When I write poems, form is not at the forefront of my process. The form of my poems is generated by intuition, almost as a side effect. My poetry feels deeply personal and isolated, giving me a sense of ownership that is probably exaggerated. M y poems have no allegiance to common form, though they use the same words, and echo ideas expressed in other poems Szirtes might call this practice, “anarchist,” but it there is something less defiant that marks it: my poems feel alone. For this reason, I was struck by Szirtes’s reference to the community as an attraction of form.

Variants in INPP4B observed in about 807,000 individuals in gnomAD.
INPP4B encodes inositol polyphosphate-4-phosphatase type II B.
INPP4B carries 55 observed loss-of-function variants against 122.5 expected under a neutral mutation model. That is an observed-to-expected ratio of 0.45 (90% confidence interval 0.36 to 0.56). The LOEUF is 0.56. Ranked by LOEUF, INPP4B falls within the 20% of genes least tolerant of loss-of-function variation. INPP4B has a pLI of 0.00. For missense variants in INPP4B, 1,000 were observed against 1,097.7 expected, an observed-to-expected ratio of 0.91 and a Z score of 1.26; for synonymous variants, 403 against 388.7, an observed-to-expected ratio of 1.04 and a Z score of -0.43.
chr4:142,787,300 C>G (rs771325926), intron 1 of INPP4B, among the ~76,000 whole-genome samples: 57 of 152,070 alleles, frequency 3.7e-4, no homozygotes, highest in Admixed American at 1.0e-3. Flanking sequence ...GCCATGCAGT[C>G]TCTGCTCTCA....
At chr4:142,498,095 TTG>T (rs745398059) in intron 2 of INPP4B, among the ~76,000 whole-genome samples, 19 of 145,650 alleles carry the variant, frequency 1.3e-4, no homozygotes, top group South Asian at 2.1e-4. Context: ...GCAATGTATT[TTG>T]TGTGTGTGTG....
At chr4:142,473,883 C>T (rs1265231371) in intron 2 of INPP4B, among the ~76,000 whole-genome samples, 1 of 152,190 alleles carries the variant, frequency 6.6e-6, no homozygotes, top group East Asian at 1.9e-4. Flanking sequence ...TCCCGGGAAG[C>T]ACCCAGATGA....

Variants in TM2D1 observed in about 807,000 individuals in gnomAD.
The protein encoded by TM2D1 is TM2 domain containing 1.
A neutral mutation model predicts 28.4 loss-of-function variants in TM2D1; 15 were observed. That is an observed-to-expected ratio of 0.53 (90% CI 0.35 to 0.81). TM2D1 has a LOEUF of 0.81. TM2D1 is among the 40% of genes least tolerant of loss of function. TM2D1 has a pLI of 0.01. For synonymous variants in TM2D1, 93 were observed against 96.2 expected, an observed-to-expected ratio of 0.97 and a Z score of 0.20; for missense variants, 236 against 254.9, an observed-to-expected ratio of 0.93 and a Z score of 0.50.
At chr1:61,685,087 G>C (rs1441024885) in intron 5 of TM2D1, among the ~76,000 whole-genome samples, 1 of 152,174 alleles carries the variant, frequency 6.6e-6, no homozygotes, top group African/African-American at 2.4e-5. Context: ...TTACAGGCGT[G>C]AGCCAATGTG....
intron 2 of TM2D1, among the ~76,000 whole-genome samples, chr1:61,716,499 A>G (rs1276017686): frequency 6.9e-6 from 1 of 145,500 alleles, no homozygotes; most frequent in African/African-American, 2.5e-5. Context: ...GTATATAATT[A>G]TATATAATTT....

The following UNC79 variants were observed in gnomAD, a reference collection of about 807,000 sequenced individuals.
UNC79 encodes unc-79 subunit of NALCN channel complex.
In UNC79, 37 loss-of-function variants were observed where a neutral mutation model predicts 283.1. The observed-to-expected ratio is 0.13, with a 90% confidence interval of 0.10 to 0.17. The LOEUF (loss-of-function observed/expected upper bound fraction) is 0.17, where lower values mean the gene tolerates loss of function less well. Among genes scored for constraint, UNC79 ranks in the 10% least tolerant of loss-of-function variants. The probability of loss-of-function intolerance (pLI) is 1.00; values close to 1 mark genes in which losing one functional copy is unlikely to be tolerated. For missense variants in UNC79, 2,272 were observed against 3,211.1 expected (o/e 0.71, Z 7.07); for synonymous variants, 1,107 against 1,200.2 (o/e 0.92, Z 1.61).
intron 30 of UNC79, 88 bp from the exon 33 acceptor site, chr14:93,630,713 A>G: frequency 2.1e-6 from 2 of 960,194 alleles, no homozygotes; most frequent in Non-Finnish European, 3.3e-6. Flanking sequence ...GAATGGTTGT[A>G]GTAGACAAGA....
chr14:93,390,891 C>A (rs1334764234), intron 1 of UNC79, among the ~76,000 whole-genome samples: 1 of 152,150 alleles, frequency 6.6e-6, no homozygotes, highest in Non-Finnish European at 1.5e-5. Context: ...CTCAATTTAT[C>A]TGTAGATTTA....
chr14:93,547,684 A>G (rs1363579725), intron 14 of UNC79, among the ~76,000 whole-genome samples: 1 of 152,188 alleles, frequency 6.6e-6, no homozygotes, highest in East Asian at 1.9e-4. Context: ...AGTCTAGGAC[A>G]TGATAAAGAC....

Language is an attempt to distill words from the “mass of inchoate impressions, desires, and anxieties,” that Szirtes identifies as defining the human experience. The common use of form seems to be a rallying point for poets writing about different material, from different backgrounds, and with different intentions. Szirtes writes of all sonnets, “They are not alone in the world.” Often, my poetry does feel lonely, specific to me and hopefully accessible to some ungrounded other. After reading Szirtes I felt some pity for my own poems, wallflowers as the formal poems move through their networked world. Just as those who have mastered a language are able to communicate their complex, specific thoughts to others who know that language well, form provides an opportunity for deeper understanding. Those poems that are written in the same form owe some portion of their creation to consideration for that specific form. This provides them common ground with others in their form. Szirtes gives me reason me to let my poems join the conversation.